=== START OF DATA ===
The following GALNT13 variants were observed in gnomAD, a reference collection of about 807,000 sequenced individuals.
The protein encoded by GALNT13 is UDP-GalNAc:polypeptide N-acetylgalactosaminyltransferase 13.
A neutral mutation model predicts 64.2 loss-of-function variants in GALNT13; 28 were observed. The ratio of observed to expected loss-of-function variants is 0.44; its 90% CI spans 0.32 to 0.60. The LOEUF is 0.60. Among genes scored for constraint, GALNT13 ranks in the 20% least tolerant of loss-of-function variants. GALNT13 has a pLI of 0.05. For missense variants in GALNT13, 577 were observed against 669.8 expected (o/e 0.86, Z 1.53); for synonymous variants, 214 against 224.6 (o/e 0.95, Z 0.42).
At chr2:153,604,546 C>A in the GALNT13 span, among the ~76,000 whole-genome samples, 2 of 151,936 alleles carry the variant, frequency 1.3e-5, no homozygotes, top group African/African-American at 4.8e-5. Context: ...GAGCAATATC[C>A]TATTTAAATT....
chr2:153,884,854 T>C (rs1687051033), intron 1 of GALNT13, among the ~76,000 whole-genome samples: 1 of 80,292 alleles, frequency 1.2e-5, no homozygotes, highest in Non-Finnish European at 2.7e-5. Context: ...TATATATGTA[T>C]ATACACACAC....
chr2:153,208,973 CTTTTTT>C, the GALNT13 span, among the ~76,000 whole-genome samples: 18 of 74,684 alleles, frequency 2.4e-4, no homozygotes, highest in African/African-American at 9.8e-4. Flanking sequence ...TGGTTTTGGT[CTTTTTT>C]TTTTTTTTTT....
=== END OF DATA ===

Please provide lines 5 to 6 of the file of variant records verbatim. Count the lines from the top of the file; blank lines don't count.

chr2:153,884,854 T>C (rs1687051033), intron 1 of GALNT13, among the ~76,000 whole-genome samples: 1 of 80,292 alleles, frequency 1.2e-5, no homozygotes, highest in Non-Finnish European at 2.7e-5. Context: ...TATATATGTA[T>C]ATACACACAC....
chr2:153,208,973 CTTTTTT>C, the GALNT13 span, among the ~76,000 whole-genome samples: 18 of 74,684 alleles, frequency 2.4e-4, no homozygotes, highest in African/African-American at 9.8e-4. Flanking sequence ...TGGTTTTGGT[CTTTTTT>C]TTTTTTTTTT....